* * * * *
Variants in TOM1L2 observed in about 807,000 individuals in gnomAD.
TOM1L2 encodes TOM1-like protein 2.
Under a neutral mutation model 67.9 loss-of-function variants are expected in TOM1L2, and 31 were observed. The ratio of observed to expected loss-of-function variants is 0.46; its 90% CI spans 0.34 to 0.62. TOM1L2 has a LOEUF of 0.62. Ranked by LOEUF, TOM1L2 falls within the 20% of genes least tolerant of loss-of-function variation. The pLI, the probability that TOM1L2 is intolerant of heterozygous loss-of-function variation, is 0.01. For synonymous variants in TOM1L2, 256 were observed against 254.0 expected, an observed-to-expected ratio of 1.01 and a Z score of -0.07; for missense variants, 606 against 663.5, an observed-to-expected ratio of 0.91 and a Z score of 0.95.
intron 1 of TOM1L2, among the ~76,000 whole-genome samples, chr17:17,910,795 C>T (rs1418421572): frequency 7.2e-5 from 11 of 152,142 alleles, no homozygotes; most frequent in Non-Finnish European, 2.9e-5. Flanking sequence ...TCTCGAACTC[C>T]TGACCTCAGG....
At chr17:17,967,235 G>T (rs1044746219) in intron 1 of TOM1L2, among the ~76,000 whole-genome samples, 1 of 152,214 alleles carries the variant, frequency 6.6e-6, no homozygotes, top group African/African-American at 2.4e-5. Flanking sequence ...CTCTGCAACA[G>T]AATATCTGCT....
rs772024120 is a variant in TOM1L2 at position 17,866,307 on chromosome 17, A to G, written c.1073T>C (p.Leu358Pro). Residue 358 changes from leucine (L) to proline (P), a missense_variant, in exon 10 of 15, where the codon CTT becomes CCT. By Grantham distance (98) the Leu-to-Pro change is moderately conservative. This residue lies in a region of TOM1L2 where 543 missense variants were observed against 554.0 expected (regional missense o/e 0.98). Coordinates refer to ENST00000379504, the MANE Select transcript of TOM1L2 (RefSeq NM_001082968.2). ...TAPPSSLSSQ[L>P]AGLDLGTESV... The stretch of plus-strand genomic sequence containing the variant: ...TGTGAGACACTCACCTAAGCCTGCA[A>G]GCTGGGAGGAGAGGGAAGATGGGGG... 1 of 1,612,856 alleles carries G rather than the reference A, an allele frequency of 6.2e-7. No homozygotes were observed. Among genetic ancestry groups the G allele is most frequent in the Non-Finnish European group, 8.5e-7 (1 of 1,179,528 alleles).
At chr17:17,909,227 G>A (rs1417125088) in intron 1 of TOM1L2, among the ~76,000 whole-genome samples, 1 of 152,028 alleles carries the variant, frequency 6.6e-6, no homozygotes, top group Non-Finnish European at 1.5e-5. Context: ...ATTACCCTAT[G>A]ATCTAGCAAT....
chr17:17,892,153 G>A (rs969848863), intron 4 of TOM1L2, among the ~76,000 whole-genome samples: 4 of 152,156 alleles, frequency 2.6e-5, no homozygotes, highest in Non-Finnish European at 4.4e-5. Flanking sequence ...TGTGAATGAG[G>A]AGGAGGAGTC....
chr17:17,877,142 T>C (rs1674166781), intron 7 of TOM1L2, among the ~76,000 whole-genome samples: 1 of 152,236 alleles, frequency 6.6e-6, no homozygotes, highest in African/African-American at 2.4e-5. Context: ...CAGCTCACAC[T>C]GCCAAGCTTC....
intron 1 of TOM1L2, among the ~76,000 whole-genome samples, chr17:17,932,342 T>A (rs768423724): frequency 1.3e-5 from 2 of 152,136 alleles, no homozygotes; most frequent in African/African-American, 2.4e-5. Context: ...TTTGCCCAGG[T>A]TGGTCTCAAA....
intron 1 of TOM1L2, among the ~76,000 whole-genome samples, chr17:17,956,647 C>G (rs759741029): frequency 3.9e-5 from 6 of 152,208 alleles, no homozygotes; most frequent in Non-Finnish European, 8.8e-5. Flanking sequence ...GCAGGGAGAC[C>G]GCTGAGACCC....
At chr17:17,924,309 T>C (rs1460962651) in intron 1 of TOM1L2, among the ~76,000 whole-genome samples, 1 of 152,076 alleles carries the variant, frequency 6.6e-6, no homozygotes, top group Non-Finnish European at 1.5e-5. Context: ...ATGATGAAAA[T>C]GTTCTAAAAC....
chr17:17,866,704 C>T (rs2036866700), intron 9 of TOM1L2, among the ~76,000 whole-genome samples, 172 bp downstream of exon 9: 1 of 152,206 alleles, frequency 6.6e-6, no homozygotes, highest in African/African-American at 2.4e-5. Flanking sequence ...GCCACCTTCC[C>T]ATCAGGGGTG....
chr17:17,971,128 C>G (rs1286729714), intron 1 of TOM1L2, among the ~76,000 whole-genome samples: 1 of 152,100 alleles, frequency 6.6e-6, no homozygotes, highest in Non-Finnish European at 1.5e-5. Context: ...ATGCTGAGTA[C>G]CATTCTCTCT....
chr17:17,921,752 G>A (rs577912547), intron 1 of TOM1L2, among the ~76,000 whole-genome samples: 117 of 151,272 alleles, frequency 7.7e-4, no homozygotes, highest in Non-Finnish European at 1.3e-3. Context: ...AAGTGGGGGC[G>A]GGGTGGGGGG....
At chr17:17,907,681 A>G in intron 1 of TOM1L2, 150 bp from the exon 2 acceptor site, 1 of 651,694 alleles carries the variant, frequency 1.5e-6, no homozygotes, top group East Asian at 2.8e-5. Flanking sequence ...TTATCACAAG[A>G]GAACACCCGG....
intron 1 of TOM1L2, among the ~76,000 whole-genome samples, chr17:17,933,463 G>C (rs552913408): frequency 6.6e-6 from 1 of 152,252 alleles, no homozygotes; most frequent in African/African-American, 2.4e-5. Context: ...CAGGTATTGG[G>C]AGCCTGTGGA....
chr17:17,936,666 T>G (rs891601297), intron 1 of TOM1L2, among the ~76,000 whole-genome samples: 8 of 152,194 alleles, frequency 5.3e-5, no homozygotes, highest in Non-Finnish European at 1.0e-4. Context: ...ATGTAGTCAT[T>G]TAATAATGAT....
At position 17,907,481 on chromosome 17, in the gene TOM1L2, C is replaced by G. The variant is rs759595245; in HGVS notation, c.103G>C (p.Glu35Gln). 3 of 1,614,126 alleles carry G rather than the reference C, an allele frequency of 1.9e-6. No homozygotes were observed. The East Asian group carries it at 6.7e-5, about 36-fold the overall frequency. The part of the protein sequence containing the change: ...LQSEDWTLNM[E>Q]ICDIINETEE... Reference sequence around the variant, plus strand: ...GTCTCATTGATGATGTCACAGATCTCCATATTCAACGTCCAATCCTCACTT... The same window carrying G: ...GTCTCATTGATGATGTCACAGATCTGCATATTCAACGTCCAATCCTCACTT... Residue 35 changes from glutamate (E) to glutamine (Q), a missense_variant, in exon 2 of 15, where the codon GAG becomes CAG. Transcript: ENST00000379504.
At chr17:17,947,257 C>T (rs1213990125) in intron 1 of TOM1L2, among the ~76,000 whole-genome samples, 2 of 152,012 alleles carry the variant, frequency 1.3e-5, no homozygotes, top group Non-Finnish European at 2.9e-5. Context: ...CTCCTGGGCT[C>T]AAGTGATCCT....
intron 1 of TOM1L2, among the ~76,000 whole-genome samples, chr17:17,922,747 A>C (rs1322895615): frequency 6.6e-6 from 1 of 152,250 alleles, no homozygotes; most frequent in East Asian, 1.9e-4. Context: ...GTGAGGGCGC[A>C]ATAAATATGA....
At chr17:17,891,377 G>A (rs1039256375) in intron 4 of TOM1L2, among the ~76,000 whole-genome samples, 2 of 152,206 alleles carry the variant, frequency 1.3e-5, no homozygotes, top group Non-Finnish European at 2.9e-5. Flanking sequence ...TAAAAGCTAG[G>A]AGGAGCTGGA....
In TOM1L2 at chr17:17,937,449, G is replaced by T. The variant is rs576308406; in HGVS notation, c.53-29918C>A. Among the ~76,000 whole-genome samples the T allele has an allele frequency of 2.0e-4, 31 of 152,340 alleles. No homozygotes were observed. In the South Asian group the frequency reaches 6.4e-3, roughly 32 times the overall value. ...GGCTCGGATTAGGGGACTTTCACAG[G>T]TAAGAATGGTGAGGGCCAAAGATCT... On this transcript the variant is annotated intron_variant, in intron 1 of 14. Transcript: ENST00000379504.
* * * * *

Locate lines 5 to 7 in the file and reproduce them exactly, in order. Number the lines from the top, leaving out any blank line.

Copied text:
At chr17:17,967,235 G>T (rs1044746219) in intron 1 of TOM1L2, among the ~76,000 whole-genome samples, 1 of 152,214 alleles carries the variant, frequency 6.6e-6, no homozygotes, top group African/African-American at 2.4e-5. Flanking sequence ...CTCTGCAACA[G>T]AATATCTGCT....
rs772024120 is a variant in TOM1L2 at position 17,866,307 on chromosome 17, A to G, written c.1073T>C (p.Leu358Pro). Residue 358 changes from leucine (L) to proline (P), a missense_variant, in exon 10 of 15, where the codon CTT becomes CCT. By Grantham distance (98) the Leu-to-Pro change is moderately conservative. This residue lies in a region of TOM1L2 where 543 missense variants were observed against 554.0 expected (regional missense o/e 0.98). Coordinates refer to ENST00000379504, the MANE Select transcript of TOM1L2 (RefSeq NM_001082968.2). ...TAPPSSLSSQ[L>P]AGLDLGTESV... The stretch of plus-strand genomic sequence containing the variant: ...TGTGAGACACTCACCTAAGCCTGCA[A>G]GCTGGGAGGAGAGGGAAGATGGGGG... 1 of 1,612,856 alleles carries G rather than the reference A, an allele frequency of 6.2e-7. No homozygotes were observed. Among genetic ancestry groups the G allele is most frequent in the Non-Finnish European group, 8.5e-7 (1 of 1,179,528 alleles).
At chr17:17,909,227 G>A (rs1417125088) in intron 1 of TOM1L2, among the ~76,000 whole-genome samples, 1 of 152,028 alleles carries the variant, frequency 6.6e-6, no homozygotes, top group Non-Finnish European at 1.5e-5. Context: ...ATTACCCTAT[G>A]ATCTAGCAAT....